Officials with ReBuild NC are reminding people to submit feedback on the state’s draft action plan for spending $542 million in federal disaster recovery funding provided to North Carolina through the U.S. Department of Housing and Urban Development’s (HUD) Community Development Block Grant-Disaster Recovery (CDBG-DR) program for Hurricane Florence. The draft Hurricane Florence Action Plan includes detailed information on how the state will implement federal recovery programs throughout areas impacted by the storm.
The draft action plan is available for review on the Rebuild NC website at: https://www.rebuild.nc.gov/reporting-and-compliance/action-plans. Printed copies of the draft plan are also available by calling 984-833-5361. Public comments should be sent by email to firstname.lastname@example.org or by U.S. Postal Service mail to Attn: Florence Comments, P.O. Box 110465, Durham, NC 27709. Comments on the draft action plan must be received or postmarked no later than March 8.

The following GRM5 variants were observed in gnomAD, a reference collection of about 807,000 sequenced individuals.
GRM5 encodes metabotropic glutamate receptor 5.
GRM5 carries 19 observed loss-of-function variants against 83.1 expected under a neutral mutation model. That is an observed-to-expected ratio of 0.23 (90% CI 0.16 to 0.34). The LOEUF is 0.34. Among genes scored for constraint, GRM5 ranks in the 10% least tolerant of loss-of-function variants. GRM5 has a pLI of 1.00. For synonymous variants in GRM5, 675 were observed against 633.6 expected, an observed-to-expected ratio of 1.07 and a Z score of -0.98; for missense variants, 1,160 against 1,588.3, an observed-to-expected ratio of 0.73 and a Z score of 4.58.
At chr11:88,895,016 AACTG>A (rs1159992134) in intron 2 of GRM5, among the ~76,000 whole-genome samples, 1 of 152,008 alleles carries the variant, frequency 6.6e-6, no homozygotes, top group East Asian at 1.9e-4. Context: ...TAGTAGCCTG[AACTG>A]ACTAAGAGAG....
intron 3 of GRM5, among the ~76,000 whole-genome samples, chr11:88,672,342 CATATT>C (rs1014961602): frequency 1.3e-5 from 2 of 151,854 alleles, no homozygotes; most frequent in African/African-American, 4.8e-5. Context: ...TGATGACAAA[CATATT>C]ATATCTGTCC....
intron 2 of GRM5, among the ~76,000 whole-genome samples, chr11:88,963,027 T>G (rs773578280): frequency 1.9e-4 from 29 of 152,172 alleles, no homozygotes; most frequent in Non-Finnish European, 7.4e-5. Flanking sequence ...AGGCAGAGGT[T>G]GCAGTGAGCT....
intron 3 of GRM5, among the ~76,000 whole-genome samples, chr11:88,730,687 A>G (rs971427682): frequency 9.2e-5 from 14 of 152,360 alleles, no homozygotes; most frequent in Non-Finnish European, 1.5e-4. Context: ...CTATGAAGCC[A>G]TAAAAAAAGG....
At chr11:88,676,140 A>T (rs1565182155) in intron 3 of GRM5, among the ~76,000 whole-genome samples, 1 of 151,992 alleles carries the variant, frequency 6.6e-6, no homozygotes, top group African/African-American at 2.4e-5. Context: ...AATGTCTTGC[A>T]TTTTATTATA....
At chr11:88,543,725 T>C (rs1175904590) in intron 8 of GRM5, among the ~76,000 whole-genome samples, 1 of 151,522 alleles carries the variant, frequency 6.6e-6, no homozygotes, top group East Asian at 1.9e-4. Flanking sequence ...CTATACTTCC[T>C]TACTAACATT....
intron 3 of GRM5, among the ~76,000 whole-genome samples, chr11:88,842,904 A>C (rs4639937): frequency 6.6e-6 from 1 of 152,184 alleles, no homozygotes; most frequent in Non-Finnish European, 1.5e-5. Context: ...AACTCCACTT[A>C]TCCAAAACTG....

Congress appropriated the HUD recovery funds soon after Hurricane Florence hit in October 2018. However, the Federal Register notice providing rules for use of the funds was not published until exactly 500 days after the storm. Under federal regulations, North Carolina could not move forward with finalizing the draft action plan without information provided in that notice. Following the current comment period and approval of the action plan by HUD, the state can begin using the funds to implement Hurricane Florence recovery programs.
ReBuild NC is the state’s long-term disaster recovery agency administered by the North Carolina Office of Recovery and Resiliency, or NCORR. Governor Cooper established NCORR in the aftermath of Hurricane Florence to streamline disaster recovery programs statewide and help North Carolina communities rebuild smarter and stronger. In addition to assisting hurricane survivors with home repairs and reconstruction, NCORR administers programs that include affordable housing, mitigation, buyout, local government grants and loans, and resiliency.